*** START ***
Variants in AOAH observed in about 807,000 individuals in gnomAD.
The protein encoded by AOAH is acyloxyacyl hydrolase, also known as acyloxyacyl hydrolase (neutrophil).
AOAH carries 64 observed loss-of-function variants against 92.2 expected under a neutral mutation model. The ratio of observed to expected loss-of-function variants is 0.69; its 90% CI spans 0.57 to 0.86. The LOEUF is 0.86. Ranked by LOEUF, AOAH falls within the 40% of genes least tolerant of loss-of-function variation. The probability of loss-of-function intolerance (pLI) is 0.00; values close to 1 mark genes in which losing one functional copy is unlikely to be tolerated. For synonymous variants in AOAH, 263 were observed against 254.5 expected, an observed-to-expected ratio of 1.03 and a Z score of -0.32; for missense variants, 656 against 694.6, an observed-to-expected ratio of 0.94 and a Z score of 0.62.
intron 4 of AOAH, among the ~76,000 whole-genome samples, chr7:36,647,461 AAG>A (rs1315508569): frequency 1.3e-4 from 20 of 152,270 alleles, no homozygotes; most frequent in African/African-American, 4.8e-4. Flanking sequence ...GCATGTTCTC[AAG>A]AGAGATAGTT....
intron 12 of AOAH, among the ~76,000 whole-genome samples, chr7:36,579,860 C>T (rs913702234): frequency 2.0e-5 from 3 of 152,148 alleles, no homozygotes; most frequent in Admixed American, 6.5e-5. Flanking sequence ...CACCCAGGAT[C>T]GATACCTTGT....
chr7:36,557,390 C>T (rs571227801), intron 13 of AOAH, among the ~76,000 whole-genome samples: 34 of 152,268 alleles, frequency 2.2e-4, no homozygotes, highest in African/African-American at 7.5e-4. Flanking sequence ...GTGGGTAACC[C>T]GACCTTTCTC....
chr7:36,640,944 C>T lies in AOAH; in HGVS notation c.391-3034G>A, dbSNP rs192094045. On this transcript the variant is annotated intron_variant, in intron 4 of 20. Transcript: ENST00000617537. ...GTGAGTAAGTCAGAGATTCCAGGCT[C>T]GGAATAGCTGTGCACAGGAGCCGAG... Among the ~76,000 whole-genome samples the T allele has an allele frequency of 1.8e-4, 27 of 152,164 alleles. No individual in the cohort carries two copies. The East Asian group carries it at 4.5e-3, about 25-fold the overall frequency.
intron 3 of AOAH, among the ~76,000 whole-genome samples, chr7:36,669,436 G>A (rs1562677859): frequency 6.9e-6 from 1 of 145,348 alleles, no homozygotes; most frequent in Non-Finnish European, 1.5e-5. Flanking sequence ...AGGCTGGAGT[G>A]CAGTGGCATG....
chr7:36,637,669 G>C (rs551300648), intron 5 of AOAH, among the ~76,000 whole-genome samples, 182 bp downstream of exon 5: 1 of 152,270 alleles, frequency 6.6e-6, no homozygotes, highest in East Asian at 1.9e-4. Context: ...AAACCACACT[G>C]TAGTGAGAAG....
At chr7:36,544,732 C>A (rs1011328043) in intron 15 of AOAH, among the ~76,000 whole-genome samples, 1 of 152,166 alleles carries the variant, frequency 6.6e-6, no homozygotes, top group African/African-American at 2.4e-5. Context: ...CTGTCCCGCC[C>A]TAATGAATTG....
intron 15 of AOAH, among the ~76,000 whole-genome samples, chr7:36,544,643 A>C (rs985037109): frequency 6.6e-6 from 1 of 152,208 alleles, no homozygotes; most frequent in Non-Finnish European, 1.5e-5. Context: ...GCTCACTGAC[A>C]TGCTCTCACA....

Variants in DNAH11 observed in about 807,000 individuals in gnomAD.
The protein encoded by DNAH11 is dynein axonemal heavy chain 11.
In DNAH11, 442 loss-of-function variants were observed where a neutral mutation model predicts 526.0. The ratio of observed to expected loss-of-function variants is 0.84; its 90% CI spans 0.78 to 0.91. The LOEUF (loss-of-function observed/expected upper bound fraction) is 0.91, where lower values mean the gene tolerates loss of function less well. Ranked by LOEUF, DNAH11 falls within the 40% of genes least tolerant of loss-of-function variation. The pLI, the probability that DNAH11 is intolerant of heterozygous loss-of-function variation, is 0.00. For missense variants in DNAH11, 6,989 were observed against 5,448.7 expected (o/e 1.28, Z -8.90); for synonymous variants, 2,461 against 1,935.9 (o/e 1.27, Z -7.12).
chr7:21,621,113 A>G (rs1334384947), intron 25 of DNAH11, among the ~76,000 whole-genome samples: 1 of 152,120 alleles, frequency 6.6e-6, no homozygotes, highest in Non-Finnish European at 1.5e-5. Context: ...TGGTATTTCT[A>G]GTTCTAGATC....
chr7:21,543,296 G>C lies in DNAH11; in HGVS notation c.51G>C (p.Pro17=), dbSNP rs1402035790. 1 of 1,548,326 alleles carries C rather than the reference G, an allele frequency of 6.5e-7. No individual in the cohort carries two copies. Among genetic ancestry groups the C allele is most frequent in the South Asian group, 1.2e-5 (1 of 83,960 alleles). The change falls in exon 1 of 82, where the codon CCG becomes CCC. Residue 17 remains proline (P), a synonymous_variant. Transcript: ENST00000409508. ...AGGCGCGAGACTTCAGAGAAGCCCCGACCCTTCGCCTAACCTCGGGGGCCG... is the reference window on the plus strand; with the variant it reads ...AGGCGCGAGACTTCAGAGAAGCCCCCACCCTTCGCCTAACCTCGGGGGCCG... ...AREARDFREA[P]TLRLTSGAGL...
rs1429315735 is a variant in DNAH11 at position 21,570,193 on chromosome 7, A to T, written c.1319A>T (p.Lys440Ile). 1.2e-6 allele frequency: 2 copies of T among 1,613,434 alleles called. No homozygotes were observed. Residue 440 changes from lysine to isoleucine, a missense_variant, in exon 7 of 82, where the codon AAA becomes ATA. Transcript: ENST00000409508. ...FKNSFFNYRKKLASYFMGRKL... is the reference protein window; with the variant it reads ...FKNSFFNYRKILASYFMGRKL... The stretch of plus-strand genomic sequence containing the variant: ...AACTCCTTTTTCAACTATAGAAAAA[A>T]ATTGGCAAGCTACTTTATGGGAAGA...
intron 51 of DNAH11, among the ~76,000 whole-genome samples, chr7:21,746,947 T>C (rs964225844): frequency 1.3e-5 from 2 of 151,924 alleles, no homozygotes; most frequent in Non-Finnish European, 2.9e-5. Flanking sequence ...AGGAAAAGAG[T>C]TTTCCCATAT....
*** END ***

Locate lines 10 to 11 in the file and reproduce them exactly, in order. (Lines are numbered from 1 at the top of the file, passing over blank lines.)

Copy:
At chr7:36,544,732 C>A (rs1011328043) in intron 15 of AOAH, among the ~76,000 whole-genome samples, 1 of 152,166 alleles carries the variant, frequency 6.6e-6, no homozygotes, top group African/African-American at 2.4e-5. Context: ...CTGTCCCGCC[C>A]TAATGAATTG....
intron 15 of AOAH, among the ~76,000 whole-genome samples, chr7:36,544,643 A>C (rs985037109): frequency 6.6e-6 from 1 of 152,208 alleles, no homozygotes; most frequent in Non-Finnish European, 1.5e-5. Context: ...GCTCACTGAC[A>C]TGCTCTCACA....